Four Things We Can Learn from Meditation Anxiety
It may seem ironic that meditation — a technique that helps manage stress — can itself inspire anxiety. However, qualms about taking up meditation are common, and they illustrate perfectly that our automatic stress response can fire in situations which are wholly inappropriate. Misgivings inspired by meditation also show how easily stress can develop, in even the least ostensibly stressful of contexts.
Far from being useless, these kinds of worries can be transformative teachers. Engaging with them can offer you insight into how anxiety forms, before it attacks. Exploring your meditation-related concerns will equip you with new abilities to deconstruct stress-inducing thoughts in other areas of your life, before they reach critical mass.
Recognizing when worries don’t warrant “fight or flight” mode
Anxiety is inescapable; hard-wired into human physiology. It is, primarily, a survival tool called our “fight or flight” response because it primes us for avoiding threats in the wild.
However, the bodily changes it engenders are often (in our relatively safe modern world) misplaced and unpleasant.
Your heart rate increases, firing extra blood to the muscles, as your system scales up for self-defense. Almost always disproportionate, and unhelpful to navigating the situation at hand, this state can be downright counterproductive. If you’re in a traffic jam, for example, stress will function to fog your inner windscreen, compromising the faculties you actually need — clear thinking and road safety sense.
The frequent superfluousness of our physical stress response is especially apparent if you look at anxieties about meditating. An enlarged sense of perspective is regularly celebrated by people who take up meditation. Noting the gulf between life-or-death and your worries — about meditation, and in other areas of life — will come naturally the more you practice.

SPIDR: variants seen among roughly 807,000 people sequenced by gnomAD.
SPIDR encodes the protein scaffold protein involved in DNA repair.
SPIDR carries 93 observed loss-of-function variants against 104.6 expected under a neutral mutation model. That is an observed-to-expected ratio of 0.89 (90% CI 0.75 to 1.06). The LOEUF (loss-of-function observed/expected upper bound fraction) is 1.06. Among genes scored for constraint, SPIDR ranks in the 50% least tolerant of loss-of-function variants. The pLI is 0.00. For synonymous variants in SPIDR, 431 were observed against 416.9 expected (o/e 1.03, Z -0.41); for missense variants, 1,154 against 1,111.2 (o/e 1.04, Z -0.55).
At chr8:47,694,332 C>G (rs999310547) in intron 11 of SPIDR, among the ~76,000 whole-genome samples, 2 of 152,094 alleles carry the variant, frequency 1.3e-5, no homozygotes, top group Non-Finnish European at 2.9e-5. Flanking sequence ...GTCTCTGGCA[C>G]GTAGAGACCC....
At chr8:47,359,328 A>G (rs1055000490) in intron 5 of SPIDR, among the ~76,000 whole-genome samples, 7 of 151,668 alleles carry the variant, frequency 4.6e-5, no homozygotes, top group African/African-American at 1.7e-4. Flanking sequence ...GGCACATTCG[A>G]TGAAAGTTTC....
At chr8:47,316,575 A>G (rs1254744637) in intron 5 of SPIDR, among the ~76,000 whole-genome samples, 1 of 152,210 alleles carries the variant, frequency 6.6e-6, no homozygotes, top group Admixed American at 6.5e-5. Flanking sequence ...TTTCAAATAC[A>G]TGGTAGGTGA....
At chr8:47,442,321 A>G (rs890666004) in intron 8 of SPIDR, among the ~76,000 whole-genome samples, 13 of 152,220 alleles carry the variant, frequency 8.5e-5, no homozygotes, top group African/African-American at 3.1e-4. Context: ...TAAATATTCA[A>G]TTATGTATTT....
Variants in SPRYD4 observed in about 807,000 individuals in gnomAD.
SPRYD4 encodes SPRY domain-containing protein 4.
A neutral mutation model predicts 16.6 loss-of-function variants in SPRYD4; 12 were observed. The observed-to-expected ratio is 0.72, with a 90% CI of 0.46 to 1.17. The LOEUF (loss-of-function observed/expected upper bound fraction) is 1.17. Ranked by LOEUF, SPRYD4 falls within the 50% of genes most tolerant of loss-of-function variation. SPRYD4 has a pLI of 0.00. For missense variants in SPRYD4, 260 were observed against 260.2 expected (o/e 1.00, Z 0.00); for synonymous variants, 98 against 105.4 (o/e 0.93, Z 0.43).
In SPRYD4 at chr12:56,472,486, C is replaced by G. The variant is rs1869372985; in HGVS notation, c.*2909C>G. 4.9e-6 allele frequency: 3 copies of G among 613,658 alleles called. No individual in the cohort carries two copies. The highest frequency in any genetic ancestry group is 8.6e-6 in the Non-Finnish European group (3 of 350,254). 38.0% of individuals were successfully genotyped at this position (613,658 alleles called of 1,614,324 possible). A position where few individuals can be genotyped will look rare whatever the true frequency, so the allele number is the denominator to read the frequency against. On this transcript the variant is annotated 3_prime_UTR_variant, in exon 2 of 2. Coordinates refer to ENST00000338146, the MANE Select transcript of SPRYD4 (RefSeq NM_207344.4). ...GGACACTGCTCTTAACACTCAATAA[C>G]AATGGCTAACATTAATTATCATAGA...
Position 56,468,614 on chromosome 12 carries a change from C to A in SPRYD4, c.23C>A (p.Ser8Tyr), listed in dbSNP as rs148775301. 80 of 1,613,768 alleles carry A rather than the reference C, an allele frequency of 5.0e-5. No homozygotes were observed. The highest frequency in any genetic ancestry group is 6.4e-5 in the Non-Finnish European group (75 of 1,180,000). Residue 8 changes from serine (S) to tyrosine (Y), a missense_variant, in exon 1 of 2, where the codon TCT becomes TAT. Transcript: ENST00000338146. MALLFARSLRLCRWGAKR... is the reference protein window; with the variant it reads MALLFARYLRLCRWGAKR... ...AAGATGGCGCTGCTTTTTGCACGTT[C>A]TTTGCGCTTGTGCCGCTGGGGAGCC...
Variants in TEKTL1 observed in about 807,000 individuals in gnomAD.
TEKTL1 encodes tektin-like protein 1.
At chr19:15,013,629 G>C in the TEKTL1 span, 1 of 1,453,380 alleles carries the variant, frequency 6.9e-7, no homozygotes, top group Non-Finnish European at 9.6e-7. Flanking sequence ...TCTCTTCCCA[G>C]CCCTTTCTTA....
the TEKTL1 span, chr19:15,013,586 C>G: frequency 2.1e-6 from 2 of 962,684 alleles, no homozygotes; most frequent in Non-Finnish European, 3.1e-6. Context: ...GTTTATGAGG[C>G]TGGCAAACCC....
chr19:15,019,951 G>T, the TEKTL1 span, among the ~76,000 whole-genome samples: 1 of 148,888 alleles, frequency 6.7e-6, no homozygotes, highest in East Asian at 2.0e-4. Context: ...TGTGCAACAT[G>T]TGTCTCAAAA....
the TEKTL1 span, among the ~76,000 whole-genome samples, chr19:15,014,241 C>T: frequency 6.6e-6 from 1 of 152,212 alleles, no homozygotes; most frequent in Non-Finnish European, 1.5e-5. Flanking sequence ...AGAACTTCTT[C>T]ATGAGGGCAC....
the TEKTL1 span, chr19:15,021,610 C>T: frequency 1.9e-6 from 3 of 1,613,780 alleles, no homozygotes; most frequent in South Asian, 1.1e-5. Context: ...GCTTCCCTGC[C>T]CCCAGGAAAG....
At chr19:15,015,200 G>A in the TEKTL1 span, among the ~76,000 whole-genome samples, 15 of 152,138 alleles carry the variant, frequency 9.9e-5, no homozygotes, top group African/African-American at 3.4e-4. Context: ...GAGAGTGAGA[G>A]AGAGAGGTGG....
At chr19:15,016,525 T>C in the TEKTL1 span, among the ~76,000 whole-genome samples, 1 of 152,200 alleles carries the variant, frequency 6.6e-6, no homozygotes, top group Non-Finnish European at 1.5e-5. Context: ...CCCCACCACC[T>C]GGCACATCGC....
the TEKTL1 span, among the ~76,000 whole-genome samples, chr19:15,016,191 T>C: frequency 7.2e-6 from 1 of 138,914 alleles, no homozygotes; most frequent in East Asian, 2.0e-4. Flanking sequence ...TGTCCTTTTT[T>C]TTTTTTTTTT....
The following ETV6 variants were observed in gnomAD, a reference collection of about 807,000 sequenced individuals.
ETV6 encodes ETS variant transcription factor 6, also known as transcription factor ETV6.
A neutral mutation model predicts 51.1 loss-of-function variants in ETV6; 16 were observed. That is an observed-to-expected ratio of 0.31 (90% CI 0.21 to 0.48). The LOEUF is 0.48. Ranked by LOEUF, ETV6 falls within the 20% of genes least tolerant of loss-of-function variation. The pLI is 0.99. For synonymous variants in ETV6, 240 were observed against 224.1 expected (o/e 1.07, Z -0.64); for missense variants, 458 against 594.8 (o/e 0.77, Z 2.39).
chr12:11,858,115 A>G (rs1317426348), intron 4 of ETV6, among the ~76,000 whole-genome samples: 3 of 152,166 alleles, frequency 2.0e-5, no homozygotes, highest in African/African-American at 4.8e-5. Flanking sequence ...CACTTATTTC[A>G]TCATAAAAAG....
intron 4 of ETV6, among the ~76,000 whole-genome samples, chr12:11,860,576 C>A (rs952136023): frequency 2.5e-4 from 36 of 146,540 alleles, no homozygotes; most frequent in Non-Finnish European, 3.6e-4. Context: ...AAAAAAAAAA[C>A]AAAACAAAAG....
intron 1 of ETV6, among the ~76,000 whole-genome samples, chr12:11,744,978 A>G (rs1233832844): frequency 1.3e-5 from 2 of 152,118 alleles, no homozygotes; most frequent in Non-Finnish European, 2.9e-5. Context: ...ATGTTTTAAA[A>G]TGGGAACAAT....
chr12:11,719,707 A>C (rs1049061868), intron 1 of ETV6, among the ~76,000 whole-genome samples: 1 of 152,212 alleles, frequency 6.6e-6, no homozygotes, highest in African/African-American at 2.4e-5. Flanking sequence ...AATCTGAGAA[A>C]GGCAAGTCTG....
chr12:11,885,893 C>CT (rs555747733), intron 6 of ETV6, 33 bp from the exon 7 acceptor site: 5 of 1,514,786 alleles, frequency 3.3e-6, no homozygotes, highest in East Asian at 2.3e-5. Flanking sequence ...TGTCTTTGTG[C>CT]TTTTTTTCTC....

Stick with your mantra, but everything else is better when you go off-script.
The basis of Beeja meditation (the form of meditation I teach) is your mantra, which you repeat internally to achieve a meditative state. When silently thinking it during your practice, it is natural for other thoughts — ones which make you angry or upset — to crop up.
You might find that additional insecurities pile in, especially about whether meditating is “working.” Surely the goal is banishing worries? Although your inability to banish other thoughts feels like falling at the first hurdle, it’s actually a win — for your conscious awareness.
It’s never advantageous to suppress vexation; it will incubate and intensify. Instead, you should become aware of your self-imposed limitations about what you’re allowed to think.
Attempting to stop yourself thinking particular things is one of the greatest roadblocks to meditating. Once you transcend it, you will be empowered to meet whatever arises without hostility. You can approach all thoughts, even painful ones, with new detachment. You will unearth the space to question and discard ideas that no longer serve you.
The most valuable present is the present moment.
When you meditate, it is easy to fall into the fallacy that you are laying the foundations of a better future you. This can result in conceptualizing your practice as a means of clocking up brownie points for your future self.
Each repetition of your mantra or few minutes of breath regulation can become a building block to put down hurriedly, so that you can pick up the next one. This creates the uncomfortable sensation of stockpiling your meditation practice time, with your eyes on the prize on the horizon.
The only thing you can be certain of, if you fixate on blossoming in the future, is that you’ll never experience fulfillment in the present. Draw your senses towards how your meditation practice feels right now. You will access a calmness much more in keeping with your ideal self than you could possibly have reached by rushing towards an imagined goal.
Make time for your mantra, and your mantra will make time for you.
Spending twenty minutes, twice a day meditating can feel like an impossible ask; an amount of time that it is initially difficult to imagine setting aside. However, we devote time effortlessly to activities that become second-nature — on average, people spend a sobering three hours and 15 minutes on their smartphones per day.
The sooner you establish a habit, the less you will feel like you have to dig deep to find the time for meditation. Furthermore, it will itself become a time-saver; for example, increasing your productivity and reducing stress-created activities like compulsive phone-checking. Whenever you find yourself thinking about your to-do list or feeling like getting on with it would be a better use of your time, keep meditating.
Williams, W. (2019). Four Things We Can Learn from Meditation Anxiety. Psych Central. Retrieved on April 2, 2020, from https://psychcentral.com/blog/four-things-we-can-learn-from-meditation-anxiety/